It's `trick or treat' time in baseball's cosmic drama 

Friday, November 02, 2001

(Published in Haaretz, Nov. 2, 2001)

It was almost enough to restore one's faith in cosmic justice. The dynastic New York Yankees were humbled in Arizona, held to six hits in the first two World Series games by the Diamondbacks' dynamic duo - Curt Schilling and Randy Johnson.

The series moved to Yankee Stadium on Tuesday, with the Bronx Bombers trailing 2-0 in the best-of-seven competition. In a full display of American pride, a tattered flag salvaged from the World Trade Center wreckage was raised and President George W. Bush delivered the ceremonial first pitch.

Instead of the overpowering pitchers who silenced New York's bats during the first two games, the Yankees now faced Brian Anderson, a pitcher with a lousy record (4-9 this year with an ERA of 5.20), whose best weapon is a change-up. Anderson also does not have the reputation of being particularly cerebral (he reportedly scorched his face this year while checking whether an iron was hot.) For the Yankees, perennial superstar Roger Clemens took the mound; the only question was whether his strained hamstring would cooperate.

It looked like Clemens would get some early support in the first inning, when the Yankees got a couple of men on base and Tino Martinez lifted a long drive to right-center. But Steve Finley leaped to snatch the ball, whose trajectory was slowed by the chilly New York air. Other than a home run by Yankee catcher Jorge Posada, Anderson was able to hold the Yankees scoreless for almost five innings - despite some embarrassing defensive gaffes by Arizona (as every Little Leaguer knows, you are supposed to "call it up" when there's a pop-up.)

Meanwhile, Clemens showed the dominant form that will almost certainly win him a record sixth Cy Young award this year, holding Arizona to three hits over the first seven innings and striking out nine. Defensive gems by second baseman Alfonso Soriano and left fielder Shane Spencer helped to extinguish an Arizona rally, and the unhittable Mariano Rivera relieved Clemens in the eighth to ice a narrow 2-1 victory for the home team.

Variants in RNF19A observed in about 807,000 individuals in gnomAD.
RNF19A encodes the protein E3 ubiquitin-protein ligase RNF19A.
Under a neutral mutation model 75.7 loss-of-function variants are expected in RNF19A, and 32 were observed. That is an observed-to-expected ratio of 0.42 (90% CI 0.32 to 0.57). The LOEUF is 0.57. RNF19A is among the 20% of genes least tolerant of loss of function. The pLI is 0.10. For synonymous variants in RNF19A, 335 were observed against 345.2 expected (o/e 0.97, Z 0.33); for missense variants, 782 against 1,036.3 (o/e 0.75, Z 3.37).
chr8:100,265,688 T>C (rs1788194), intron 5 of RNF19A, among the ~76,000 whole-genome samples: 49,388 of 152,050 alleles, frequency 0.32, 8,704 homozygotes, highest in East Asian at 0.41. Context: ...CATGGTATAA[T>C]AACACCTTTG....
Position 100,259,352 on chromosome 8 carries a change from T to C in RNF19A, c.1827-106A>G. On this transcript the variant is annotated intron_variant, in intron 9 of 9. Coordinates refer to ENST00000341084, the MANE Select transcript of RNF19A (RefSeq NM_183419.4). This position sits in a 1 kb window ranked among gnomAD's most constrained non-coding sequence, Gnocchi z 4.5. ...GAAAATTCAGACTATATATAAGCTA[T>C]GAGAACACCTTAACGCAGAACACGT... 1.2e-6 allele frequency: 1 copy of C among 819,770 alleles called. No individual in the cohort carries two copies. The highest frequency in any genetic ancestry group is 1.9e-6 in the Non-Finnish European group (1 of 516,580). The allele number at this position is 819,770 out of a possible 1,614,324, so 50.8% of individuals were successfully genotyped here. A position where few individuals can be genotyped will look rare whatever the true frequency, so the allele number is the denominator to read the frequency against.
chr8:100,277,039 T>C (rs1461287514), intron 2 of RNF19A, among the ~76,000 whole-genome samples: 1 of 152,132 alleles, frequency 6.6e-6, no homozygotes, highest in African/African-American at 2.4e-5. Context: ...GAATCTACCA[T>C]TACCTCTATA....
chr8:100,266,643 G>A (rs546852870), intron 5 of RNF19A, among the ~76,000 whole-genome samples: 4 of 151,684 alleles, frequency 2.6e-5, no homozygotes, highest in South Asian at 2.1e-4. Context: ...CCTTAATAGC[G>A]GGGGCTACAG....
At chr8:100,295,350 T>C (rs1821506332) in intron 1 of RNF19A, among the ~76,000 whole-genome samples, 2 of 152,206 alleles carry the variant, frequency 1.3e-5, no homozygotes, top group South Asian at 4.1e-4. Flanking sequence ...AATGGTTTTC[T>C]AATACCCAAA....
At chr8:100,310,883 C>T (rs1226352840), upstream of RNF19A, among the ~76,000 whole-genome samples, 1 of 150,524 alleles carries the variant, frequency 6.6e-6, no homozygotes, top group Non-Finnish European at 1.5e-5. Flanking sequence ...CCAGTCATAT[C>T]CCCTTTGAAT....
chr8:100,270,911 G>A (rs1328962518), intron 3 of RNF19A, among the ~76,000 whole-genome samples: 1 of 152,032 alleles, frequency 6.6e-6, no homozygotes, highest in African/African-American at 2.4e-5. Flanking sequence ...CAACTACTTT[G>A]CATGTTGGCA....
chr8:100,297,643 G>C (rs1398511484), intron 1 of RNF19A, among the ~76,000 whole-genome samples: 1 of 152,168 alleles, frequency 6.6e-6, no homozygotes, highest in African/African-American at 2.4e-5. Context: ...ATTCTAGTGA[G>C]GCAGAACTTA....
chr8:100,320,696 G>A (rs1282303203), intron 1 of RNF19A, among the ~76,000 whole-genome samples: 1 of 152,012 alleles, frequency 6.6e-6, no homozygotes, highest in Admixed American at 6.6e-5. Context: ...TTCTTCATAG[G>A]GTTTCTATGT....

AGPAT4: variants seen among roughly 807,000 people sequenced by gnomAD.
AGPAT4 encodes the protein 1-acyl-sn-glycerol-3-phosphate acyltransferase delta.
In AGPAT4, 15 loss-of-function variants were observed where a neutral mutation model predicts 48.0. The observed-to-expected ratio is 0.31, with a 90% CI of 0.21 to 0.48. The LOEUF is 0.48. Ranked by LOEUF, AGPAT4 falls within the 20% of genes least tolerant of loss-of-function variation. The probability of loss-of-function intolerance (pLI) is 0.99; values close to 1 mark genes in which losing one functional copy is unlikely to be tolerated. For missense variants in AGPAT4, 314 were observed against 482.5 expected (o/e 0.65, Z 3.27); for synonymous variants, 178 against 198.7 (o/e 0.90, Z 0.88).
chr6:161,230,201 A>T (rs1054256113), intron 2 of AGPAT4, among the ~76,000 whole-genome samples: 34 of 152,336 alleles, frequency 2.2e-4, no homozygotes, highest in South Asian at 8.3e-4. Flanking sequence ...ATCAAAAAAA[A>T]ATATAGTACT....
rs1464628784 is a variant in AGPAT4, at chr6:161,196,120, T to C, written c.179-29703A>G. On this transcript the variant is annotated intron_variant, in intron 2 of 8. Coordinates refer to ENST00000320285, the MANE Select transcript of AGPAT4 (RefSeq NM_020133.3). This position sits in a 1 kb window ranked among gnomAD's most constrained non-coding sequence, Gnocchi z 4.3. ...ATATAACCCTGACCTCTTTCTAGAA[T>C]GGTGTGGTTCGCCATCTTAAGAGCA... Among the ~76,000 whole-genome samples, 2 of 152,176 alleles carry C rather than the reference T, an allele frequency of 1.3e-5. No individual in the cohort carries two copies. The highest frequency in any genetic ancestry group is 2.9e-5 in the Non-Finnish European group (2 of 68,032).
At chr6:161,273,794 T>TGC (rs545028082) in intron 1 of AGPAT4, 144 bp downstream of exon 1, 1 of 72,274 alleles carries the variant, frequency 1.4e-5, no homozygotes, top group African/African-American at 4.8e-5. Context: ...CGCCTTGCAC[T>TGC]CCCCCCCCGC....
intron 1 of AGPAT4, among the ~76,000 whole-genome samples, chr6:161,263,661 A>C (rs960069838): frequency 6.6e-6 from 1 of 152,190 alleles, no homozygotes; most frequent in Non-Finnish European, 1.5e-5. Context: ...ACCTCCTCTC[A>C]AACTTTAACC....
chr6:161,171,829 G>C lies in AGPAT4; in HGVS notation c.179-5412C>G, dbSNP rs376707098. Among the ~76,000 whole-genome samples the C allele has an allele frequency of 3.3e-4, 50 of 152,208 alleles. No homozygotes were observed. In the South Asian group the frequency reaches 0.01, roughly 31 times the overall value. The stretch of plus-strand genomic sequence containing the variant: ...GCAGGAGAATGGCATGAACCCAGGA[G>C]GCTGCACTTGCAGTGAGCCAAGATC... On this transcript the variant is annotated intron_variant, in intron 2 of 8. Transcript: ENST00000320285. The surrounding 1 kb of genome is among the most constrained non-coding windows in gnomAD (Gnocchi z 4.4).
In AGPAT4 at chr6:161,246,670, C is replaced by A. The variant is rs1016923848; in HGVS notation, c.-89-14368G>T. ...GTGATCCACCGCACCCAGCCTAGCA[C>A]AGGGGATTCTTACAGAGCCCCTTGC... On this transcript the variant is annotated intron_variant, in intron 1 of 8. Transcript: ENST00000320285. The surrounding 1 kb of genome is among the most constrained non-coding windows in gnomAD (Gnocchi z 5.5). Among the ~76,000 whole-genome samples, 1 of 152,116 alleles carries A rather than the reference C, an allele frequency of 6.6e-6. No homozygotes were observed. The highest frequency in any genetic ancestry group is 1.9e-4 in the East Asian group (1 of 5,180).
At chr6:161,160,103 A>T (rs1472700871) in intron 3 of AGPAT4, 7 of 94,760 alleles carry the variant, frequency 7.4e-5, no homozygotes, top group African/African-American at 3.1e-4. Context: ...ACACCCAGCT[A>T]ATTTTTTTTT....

The Yankees had avoided the humiliation of a sweep, but still were behind in the series and had to face Schilling again in the fourth game on Wednesday night. If they lost, they would be down to their last game, with Randy Johnson more than happy to put them out of their misery.

Working on only three days rest, Schilling was brilliant again, holding the Yankees to a single run in seven innings. But Arizona's closer, Byung-Hyun Kim, was bewitched on this Halloween night by Tino Martinez and Derek Jeter. Kids who grow up playing baseball fantasize about being in this World Series situation: two outs, bottom of the ninth inning, your team is trailing. It's all up to you. Here comes the pitch. A fastball. You see it well, here's the swing - what a sweet feeling. The crowd roars as the ball sails into the night.

With the Yankees one out away from defeat, Tino Martinez's two-run homer to center tied the game at 3-3 and sent it into extra innings. It also extended the game past midnight, into November, for the first time in World Series history. As expected, Rivera was perfect in the top of the tenth. Then, Derek Jeter continued the awesome display of Yankee heroics. His opposite-field home run tied the World Series at two games each and turned the momentum in New York's favor. It also guaranteed that the series would return to Arizona for a sixth (and possibly seventh) game.

As this newspaper goes to print, the Yankees and Diamondbacks will be warming up for Game 5. If the Yankees complete a three-game sweep at their home diamond, they will still need to beat Randy Johnson in Game 6 or Schilling - again - in Game 7. So there still is some hope for cosmic justice. In any event, at least there will always be baseball.

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